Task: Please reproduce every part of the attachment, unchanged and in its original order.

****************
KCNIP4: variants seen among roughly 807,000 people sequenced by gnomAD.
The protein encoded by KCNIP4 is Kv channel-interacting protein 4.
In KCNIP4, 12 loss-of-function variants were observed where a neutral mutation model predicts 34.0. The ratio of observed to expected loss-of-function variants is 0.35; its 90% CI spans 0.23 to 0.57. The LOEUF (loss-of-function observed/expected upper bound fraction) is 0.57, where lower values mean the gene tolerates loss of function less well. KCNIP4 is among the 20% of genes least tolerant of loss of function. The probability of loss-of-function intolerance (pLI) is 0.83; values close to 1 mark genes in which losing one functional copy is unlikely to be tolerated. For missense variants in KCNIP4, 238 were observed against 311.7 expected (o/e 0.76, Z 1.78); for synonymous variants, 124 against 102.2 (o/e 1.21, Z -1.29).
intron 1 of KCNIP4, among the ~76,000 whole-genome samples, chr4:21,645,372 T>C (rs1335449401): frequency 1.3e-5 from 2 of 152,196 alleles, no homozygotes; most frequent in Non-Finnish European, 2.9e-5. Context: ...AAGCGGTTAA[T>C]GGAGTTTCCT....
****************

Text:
KCNIP4: variants seen among roughly 807,000 people sequenced by gnomAD.
The protein encoded by KCNIP4 is Kv channel-interacting protein 4.
In KCNIP4, 12 loss-of-function variants were observed where a neutral mutation model predicts 34.0. The ratio of observed to expected loss-of-function variants is 0.35; its 90% CI spans 0.23 to 0.57. The LOEUF (loss-of-function observed/expected upper bound fraction) is 0.57, where lower values mean the gene tolerates loss of function less well. KCNIP4 is among the 20% of genes least tolerant of loss of function. The probability of loss-of-function intolerance (pLI) is 0.83; values close to 1 mark genes in which losing one functional copy is unlikely to be tolerated. For missense variants in KCNIP4, 238 were observed against 311.7 expected (o/e 0.76, Z 1.78); for synonymous variants, 124 against 102.2 (o/e 1.21, Z -1.29).
intron 1 of KCNIP4, among the ~76,000 whole-genome samples, chr4:21,645,372 T>C (rs1335449401): frequency 1.3e-5 from 2 of 152,196 alleles, no homozygotes; most frequent in Non-Finnish European, 2.9e-5. Context: ...AAGCGGTTAA[T>C]GGAGTTTCCT....